# Why the power of periodic signal is square?

I have DSP in my academics and while going through the video lectures i am stuck regarding power of periodic signal.

Its mentioned as

$$P_{\text{avg}}= \frac{1}{N}\sum_{n=0}^{N-1}|x(n)|^2$$

my doubt is why we have to mention $|x(n)|$ as square ?

Note: I am having format issues please edit my Question and put it in format. thank you.

## 2 Answers

Power or energy are always squared quantities. If you consider simple circuits as an example, then power is $V^2/R$ or $I^2R$ (with $V$ voltage, $I$ current, and $R$ resistance). For time-varying signals, the power or energy is computed by a time average of the squared signal. For stochastic signals, the power is defined by the expectation $E[|x(t)|^2]$, which again is usually estimated by computing time averages. The fact that we're always dealing with squared quantities basically goes back to the definition of energy and power.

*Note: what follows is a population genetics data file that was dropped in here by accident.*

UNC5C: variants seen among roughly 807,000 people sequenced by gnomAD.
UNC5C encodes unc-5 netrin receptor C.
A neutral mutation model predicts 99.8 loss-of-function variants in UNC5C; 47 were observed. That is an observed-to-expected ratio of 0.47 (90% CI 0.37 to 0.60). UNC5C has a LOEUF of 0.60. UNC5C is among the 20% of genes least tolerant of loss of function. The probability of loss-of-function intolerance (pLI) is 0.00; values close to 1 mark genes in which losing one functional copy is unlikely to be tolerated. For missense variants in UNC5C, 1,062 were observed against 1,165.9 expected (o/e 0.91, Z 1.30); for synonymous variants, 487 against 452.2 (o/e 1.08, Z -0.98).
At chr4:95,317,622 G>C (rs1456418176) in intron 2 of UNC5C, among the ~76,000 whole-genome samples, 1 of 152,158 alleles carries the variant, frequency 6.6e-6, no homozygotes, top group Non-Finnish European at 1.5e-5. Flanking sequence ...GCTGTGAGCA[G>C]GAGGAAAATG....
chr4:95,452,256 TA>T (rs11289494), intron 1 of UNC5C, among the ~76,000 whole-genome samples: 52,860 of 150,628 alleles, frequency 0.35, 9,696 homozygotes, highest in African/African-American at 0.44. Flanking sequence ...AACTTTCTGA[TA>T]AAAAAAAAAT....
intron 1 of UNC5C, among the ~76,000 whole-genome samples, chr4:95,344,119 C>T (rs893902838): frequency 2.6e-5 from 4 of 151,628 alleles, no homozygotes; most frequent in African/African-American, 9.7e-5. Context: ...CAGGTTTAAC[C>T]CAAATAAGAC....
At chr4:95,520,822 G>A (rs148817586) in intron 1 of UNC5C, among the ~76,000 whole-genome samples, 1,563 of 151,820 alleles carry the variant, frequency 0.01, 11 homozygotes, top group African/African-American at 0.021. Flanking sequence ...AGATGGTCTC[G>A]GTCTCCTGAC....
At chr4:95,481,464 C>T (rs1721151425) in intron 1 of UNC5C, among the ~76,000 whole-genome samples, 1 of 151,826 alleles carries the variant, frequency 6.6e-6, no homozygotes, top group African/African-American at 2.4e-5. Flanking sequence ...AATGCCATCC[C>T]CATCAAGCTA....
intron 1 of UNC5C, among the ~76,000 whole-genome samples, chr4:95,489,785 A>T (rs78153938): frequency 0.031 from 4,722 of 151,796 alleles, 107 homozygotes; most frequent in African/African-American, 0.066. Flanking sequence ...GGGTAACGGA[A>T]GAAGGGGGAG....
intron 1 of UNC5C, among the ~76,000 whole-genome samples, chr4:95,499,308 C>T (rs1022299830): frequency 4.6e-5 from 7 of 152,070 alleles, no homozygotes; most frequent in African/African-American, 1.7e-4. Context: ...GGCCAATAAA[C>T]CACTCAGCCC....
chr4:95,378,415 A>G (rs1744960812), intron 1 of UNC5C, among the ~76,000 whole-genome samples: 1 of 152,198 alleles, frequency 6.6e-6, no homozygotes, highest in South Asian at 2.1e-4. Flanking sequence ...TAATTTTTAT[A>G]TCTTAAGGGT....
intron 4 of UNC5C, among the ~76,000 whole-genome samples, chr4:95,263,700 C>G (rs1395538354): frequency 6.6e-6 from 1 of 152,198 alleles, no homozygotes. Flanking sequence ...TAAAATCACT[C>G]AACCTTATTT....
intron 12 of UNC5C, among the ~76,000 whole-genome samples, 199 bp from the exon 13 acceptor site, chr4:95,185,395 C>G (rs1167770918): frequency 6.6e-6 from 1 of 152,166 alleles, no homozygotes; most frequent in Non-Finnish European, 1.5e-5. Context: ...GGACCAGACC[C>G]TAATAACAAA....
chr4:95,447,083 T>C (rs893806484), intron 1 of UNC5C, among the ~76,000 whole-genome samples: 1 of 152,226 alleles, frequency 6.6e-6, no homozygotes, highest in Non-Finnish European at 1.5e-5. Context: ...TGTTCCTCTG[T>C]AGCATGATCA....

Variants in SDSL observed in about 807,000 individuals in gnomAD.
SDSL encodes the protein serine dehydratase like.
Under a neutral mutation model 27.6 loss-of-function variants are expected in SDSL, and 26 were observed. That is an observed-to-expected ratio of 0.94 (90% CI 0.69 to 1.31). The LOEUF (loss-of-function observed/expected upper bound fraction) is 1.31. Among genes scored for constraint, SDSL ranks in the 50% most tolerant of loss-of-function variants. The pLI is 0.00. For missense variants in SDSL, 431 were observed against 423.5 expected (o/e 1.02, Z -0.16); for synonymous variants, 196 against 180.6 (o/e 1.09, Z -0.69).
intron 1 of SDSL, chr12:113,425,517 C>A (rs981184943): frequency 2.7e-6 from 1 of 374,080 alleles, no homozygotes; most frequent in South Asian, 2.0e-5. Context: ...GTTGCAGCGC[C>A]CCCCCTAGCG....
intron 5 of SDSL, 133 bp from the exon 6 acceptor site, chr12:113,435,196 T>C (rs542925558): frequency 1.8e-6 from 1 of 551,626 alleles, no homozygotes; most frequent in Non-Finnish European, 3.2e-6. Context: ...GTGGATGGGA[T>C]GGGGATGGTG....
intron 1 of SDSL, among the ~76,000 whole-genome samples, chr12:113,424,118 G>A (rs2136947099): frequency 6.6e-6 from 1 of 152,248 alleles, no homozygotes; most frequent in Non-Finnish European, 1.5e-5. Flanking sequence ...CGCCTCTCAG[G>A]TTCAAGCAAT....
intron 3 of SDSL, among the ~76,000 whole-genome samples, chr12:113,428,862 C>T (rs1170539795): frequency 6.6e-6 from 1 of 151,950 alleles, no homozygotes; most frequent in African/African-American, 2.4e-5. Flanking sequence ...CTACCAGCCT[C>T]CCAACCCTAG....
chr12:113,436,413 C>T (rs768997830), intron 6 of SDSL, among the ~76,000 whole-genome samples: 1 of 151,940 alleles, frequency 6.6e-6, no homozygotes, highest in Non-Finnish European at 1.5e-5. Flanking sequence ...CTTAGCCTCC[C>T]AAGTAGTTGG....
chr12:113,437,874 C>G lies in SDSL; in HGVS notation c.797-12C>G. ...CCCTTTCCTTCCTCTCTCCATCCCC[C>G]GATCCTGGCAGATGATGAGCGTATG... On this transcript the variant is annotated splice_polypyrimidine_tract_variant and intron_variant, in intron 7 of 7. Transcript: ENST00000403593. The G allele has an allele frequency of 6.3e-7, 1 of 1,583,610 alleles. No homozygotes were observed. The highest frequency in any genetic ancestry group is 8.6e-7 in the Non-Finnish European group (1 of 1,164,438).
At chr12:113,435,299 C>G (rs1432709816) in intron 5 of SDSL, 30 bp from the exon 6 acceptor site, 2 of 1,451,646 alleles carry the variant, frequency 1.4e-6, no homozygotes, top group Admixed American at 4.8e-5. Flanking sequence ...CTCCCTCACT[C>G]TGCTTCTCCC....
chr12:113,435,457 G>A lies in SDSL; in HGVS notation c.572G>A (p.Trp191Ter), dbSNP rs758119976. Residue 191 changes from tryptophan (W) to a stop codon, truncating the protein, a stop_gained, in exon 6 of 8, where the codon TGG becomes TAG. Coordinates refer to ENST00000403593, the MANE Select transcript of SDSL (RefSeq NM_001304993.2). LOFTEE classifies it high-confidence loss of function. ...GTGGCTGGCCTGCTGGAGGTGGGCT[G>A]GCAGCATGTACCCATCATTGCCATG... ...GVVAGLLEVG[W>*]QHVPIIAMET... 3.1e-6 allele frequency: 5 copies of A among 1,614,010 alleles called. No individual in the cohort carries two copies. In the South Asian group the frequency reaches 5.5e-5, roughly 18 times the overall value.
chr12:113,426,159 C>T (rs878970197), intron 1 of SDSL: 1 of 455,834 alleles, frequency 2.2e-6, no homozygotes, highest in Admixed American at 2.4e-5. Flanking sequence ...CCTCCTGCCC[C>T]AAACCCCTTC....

Power is proportional to the squared amplitude of a signal. This "power" concept comes from thinking of the signal $x[n]$ as representative of a voltage or current waveform. In that model, the power dissipated by applying $x[n]$ to a one-ohm resistor is the value of $|x[n]|^2$ averaged over one period.